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FARINA v. CICCONE FOOD PRODUCTS

December 15, 2005.

KATHY FARINA, ROSANNA GELARDI and ADDOLORATA CUPOLA, Plaintiffs,
v.
CICCONE FOOD PRODUCTS, INC., Defendant.



The opinion of the court was delivered by: SAMUEL DER-YEGHIAYAN, District Judge

MEMORANDUM OPINION

This matter is before the court on Plaintiffs' motion for injunctive relief, Plaintiffs' motion for attorneys' fees and case expenses, and on Defendant Ciccone Food, Inc.'s ("Ciccone Food") motion for attorneys' fees. For the reasons stated below, we deny Plaintiffs' motion for injunctive relief, grant in part Plaintiffs' motion for attorneys' fees and grant Plaintiffs' request for related expenses. We deny Ciccone Food's motion for attorneys' fees.

BACKGROUND

  Plaintiffs filed a two-count complaint in the instant action alleging violations of Title VII of the Civil Rights Act of 1964 ("Title VII"), 42 U.S.C. § 2000e et seq. A jury trial was held and the jury returned a verdict finding for Plaintiffs on their hostile work environment claims and finding for Ciccone Foods on the gender discrimination claims. Plaintiffs now seek attorneys' fees, related expenses, and injunctive relief. Ciccone Food seeks attorneys' fees.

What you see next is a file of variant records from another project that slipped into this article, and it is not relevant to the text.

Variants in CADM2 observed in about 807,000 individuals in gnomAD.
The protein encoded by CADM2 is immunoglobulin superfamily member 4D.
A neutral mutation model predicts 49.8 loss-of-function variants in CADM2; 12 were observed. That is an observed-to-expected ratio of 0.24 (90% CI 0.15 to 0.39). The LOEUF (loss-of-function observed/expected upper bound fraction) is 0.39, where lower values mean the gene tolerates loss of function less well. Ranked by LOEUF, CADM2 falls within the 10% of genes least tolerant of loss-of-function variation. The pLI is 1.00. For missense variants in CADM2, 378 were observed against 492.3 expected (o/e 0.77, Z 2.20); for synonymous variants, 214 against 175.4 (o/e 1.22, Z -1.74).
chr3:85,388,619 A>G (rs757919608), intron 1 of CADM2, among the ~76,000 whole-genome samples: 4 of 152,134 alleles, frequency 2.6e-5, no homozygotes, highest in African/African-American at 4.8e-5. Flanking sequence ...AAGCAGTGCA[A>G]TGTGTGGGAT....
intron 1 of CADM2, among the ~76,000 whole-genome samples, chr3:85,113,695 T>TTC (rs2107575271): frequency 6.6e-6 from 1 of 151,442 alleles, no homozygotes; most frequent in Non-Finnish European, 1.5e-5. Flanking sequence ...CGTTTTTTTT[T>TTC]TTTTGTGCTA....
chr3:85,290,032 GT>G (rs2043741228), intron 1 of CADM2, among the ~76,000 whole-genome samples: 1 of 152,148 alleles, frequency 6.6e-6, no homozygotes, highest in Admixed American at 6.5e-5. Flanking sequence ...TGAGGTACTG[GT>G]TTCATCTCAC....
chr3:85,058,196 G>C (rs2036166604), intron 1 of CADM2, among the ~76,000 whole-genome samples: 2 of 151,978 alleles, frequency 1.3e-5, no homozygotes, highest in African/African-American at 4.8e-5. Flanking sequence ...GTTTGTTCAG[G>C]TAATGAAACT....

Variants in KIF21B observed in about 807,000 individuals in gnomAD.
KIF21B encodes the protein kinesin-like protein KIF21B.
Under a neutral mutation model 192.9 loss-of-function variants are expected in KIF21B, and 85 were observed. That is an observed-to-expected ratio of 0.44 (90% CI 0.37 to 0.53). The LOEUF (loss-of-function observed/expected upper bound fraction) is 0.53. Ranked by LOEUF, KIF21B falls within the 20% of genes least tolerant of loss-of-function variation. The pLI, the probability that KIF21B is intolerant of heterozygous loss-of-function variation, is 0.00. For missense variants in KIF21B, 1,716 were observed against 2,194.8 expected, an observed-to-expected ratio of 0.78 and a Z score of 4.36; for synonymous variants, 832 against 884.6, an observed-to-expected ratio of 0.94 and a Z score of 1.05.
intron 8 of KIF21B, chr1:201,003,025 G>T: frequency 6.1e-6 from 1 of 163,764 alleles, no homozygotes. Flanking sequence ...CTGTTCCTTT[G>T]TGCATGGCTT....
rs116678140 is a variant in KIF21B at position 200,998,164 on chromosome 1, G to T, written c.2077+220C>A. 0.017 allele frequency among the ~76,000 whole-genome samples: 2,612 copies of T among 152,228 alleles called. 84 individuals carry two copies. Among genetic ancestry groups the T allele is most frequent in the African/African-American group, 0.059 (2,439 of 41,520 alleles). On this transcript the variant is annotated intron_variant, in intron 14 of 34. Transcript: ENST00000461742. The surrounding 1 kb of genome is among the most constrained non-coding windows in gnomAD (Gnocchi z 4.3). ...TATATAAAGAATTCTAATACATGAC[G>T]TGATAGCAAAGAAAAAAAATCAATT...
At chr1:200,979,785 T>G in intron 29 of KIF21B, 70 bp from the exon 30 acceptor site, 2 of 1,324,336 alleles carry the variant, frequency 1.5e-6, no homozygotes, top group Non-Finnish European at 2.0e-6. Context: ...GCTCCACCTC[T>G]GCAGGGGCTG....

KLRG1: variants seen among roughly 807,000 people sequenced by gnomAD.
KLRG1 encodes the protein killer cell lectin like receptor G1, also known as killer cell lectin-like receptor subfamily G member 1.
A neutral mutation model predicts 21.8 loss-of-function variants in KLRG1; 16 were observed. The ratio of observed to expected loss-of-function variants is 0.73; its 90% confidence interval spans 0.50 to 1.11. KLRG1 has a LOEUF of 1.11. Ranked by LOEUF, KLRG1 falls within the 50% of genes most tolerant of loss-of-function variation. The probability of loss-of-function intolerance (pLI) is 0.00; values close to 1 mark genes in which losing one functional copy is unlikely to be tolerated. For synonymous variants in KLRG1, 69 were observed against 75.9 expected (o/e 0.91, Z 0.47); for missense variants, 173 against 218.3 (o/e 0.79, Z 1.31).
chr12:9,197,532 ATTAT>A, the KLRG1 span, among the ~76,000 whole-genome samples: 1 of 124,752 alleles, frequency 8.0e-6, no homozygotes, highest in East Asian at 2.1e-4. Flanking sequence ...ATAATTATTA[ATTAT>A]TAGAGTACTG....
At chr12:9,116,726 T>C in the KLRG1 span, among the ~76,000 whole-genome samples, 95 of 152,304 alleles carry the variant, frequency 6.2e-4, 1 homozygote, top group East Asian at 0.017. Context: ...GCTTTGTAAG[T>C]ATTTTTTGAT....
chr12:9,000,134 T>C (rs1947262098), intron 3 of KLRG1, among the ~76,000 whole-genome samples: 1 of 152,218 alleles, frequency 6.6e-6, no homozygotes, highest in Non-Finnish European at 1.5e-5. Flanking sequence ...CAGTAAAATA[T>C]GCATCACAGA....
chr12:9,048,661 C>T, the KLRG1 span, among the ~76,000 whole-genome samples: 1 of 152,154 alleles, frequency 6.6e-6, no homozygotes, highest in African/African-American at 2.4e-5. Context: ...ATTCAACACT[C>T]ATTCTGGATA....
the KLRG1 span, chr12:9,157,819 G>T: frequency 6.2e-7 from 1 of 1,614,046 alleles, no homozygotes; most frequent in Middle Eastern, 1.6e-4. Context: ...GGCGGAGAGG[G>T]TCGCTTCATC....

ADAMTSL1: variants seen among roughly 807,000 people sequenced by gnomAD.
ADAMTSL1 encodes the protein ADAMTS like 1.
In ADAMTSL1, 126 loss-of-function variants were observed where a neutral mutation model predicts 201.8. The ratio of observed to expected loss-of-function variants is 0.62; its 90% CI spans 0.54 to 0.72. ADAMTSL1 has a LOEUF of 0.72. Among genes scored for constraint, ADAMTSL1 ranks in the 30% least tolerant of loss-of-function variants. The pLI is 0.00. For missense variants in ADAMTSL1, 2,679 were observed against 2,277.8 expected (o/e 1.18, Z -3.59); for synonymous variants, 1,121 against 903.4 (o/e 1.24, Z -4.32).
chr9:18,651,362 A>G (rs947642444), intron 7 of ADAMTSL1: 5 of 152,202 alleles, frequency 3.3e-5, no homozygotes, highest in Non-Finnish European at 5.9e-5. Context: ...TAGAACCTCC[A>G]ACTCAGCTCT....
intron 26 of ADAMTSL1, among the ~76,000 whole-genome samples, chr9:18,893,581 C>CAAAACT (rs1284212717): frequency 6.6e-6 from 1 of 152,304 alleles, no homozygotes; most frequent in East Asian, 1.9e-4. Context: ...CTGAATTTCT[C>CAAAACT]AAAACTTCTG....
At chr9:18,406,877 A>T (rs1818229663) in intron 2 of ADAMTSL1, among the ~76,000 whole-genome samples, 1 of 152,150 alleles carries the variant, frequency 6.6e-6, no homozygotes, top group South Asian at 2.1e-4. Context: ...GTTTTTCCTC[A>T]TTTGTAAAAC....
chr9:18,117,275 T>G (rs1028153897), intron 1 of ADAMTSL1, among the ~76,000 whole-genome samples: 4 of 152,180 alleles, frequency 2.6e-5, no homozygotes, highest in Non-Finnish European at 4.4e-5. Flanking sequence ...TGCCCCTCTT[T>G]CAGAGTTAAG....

LEGAL STANDARD

  Title VII provides for injunctive relief, stating that "[i]f the court finds that the respondent has intentionally engaged in or is intentionally engaging in an unlawful employment practice charged in the complaint, the court may enjoin the respondent from engaging in such unlawful employment practice, and order such affirmative action as may be appropriate . . ." 42 U.S.C. § 2000e-5(g). Pursuant to section 2000e-5(k) of Title VII, "[i]n any action or proceeding under this subchapter the court, in its discretion, may allow the prevailing party . . . a reasonable attorney's fee (including expert fees) as part of the costs. . . ." 42 U.S.C. § 2000e-5(k).

  DISCUSSION

  I. Motion for Injunctive Relief

  Plaintiffs move for injunctive relief based upon 42 U.S.C. § 2000e-5(g) and the verdict in their favor in this action on their hostile work environment claims. Plaintiffs ask the court to enjoin Ciccone Food from causing or encouraging future unlawful harassment or retaliation based on its employees' gender. Plaintiffs also ask that the court order Ciccone Food to retain the services of a qualified Title VII compliance officer and that Ciccone Food establish, under the supervision of the officer, a sexual harassment, discrimination and retaliation policy.

  Once a violation of Title VII has been found, courts have wide discretion in fashioning injunctive relief. United States Equal Employment Opportunity Commission. v. Gurnee Inn Corp., 914 F.2d 815, 817 (7th Cir. 1990). To obtain an injunction, a plaintiff need not prove that the defendant employer has engaged or is engaging in a pattern or practice of unlawful employment practices. Bruso v. United Airlines, Inc., 239 F.3d 848, 864 (7th Cir. 2001). In determining whether injunctive relief is appropriate in a particular case, the court should look to the likelihood that the unlawful employment practice will continue in the future, which involves assessing whether the individuals responsible for the harassment are still employed by the defendant. Id.